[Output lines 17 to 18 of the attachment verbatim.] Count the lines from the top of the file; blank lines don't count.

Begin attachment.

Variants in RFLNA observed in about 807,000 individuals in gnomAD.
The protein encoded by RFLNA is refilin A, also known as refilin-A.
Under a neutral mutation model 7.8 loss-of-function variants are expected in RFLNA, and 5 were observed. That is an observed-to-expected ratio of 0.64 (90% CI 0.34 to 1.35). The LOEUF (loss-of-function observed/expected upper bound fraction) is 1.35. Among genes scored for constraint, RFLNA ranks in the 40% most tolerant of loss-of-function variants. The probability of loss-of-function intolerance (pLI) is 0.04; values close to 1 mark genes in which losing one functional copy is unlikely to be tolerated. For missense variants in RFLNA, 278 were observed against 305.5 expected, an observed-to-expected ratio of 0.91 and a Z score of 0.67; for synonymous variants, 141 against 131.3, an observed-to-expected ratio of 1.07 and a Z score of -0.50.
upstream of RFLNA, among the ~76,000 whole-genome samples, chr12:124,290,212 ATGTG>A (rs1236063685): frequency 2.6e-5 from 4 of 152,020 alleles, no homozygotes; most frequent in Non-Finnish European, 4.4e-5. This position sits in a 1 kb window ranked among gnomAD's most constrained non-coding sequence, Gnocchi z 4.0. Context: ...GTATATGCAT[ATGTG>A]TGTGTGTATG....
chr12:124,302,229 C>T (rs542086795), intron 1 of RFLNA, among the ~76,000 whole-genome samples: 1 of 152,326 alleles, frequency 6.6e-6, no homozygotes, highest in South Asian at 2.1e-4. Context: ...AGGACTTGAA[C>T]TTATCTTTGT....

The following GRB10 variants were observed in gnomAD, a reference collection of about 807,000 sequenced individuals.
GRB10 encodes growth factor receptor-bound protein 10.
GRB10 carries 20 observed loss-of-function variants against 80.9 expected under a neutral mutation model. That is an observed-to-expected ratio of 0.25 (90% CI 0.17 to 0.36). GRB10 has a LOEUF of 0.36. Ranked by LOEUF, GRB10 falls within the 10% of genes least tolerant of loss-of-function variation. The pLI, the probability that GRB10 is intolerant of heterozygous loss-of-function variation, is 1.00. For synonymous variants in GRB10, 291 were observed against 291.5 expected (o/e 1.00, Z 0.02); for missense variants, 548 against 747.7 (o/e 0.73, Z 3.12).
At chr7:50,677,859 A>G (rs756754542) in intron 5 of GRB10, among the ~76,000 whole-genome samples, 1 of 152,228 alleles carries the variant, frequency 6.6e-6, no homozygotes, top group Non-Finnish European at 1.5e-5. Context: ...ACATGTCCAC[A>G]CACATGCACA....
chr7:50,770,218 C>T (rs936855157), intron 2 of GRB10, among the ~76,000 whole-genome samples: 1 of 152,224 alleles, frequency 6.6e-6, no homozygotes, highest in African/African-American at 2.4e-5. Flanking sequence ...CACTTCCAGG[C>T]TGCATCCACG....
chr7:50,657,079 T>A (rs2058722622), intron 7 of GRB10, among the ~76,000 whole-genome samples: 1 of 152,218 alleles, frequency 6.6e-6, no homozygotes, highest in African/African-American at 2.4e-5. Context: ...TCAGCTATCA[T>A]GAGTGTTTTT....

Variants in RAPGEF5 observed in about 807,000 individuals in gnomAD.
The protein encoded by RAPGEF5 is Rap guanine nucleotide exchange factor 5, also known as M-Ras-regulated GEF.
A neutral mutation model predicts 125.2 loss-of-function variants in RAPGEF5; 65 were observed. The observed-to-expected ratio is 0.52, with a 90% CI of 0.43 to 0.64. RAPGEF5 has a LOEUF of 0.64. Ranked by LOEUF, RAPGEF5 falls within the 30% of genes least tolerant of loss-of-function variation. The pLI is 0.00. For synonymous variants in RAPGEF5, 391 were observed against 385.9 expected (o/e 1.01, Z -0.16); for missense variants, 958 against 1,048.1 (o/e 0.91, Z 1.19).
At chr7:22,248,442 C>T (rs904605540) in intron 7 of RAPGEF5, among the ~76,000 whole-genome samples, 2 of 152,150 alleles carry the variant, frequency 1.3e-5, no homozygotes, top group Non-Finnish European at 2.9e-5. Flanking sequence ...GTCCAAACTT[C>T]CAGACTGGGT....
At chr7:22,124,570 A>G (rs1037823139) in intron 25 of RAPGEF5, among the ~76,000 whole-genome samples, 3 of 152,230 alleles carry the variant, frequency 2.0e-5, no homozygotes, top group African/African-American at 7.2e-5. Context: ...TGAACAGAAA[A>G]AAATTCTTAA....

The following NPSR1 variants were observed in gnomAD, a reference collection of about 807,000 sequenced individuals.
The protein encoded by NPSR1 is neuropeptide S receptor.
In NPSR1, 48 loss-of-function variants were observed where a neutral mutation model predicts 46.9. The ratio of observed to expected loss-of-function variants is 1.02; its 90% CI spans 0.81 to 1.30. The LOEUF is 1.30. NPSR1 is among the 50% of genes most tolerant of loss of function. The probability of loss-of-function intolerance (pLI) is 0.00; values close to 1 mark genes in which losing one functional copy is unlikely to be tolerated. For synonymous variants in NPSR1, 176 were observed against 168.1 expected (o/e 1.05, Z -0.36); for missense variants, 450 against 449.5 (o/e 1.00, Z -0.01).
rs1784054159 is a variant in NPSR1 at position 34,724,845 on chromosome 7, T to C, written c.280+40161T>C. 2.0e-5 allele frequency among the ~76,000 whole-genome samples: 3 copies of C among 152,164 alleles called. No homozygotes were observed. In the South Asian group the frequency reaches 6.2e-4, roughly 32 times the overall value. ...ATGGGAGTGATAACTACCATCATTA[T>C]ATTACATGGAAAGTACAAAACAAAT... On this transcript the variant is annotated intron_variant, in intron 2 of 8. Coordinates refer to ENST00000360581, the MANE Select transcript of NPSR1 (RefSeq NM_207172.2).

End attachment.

The following NPSR1 variants were observed in gnomAD, a reference collection of about 807,000 sequenced individuals.
The protein encoded by NPSR1 is neuropeptide S receptor.